Measuring - Scott Adams' Blog


Humans are obsessed with their weight. I think a big part of that obsession is the simple fact that weight is easy to measure. Scales are relatively cheap, accurate enough, and sitting right on the floor next to your shower when you need them. And you don’t even need a scale to tell you when you’re putting on a few extra holiday pounds. Generally speaking, we care most about the things we can easily measure, even if we know other things are more important.

The measurement bias is one of the problems with selling a concept like global warming to the masses. Individuals can’t measure global warming, and it doesn’t change much from day to day. Many people aren’t even sure it’s happening. That’s why a link that a reader left in this blog’s comments caught my attention. I don’t have any affiliation with the company I’m going to mention, and have no opinion on its products or pricing. But I love the concept. It’s a way to measure your household energy use and compare it to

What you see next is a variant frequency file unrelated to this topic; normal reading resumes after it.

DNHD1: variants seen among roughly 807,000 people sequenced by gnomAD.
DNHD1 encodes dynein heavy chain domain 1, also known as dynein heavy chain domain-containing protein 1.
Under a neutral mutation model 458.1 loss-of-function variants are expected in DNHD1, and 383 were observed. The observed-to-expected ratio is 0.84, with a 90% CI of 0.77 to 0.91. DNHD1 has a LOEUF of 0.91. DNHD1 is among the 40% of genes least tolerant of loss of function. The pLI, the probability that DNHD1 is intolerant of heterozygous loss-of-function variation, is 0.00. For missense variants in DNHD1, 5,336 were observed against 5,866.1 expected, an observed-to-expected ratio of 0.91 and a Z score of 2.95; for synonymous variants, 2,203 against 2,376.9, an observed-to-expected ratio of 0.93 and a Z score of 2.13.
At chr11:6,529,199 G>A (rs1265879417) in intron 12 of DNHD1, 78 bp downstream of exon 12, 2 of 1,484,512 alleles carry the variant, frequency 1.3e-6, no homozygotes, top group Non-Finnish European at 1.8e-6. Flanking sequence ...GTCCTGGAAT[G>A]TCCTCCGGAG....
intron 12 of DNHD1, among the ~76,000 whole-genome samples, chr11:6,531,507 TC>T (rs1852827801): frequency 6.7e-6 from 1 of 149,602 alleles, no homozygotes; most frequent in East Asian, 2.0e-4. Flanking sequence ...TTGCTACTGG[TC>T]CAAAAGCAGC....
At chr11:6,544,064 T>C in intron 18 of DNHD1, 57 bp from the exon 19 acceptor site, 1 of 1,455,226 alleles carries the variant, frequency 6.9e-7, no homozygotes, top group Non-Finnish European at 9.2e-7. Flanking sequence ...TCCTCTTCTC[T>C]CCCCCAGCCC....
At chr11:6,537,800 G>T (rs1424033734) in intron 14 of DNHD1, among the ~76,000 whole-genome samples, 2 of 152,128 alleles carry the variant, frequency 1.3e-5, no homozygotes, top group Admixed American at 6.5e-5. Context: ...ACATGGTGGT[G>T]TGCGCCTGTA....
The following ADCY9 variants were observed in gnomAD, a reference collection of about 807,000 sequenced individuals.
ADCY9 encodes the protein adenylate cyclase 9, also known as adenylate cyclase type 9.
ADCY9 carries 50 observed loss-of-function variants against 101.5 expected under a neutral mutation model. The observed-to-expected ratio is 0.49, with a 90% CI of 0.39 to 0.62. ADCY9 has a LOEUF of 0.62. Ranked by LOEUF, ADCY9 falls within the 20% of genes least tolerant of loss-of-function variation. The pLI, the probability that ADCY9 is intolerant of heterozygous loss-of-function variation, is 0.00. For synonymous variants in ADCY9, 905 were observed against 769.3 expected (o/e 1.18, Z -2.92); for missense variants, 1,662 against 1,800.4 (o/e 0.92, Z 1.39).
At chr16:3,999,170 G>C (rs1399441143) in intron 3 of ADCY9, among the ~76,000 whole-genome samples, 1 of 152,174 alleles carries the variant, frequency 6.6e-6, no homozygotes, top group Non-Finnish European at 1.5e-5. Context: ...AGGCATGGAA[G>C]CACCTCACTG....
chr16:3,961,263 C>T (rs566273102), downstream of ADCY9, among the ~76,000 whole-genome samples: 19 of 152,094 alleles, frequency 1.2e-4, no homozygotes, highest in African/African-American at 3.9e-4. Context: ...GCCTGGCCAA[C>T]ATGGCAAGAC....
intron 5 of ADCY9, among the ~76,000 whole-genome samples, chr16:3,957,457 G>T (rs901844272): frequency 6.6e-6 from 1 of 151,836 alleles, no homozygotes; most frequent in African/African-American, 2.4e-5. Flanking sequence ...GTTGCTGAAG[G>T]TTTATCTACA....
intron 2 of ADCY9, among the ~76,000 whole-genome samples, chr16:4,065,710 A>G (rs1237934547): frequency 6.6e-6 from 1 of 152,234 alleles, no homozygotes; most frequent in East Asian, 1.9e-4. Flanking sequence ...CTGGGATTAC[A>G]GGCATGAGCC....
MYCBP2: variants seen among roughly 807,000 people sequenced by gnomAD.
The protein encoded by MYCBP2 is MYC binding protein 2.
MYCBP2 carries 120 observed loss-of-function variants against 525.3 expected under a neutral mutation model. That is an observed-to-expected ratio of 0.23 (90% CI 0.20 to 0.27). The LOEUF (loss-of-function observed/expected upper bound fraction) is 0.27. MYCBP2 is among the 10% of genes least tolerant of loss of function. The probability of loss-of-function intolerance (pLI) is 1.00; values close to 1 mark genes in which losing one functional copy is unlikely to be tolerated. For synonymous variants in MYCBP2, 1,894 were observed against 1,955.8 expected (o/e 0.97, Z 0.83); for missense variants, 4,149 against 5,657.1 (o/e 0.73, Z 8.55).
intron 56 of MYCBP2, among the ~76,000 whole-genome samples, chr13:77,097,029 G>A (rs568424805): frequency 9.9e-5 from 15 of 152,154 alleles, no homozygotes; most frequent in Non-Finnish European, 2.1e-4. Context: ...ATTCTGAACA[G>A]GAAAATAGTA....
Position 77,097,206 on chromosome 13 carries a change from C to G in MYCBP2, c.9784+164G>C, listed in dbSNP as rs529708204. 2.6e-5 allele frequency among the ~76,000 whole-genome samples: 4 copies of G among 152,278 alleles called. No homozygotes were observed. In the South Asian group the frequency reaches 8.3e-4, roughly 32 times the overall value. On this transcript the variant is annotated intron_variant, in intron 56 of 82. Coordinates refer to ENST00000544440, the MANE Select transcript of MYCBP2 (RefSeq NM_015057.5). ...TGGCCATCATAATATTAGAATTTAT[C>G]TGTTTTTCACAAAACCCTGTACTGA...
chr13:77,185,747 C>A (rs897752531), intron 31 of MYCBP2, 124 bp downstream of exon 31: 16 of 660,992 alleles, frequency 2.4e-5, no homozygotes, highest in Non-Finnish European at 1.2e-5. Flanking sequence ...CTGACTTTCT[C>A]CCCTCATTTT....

your peers.


The service is in beta, and you can think of ten ways you’d prefer to see the data, but it looks like a step in the right direction. As soon as people can easily measure their energy use, it will become as much an obsession as weight and baseball stats and the stock market.

I harp on this theme a lot. I think that government in particular needs to provide a web-based dashboard of stats to its citizens so we can see how the country is doing. Trend graphs would be ideal. That would make clear where we need to put more resources. But it would also expose which politicians
aren’t doing their jobs, so I doubt the government will ever create such a tool. And if a private group creates the dashboard, the data will be presented in a biased way. It’s a tough nut to crack, but one that seems
essential to me. If you look at the evolution of democracy, the next logical step is providing useful data to the voters.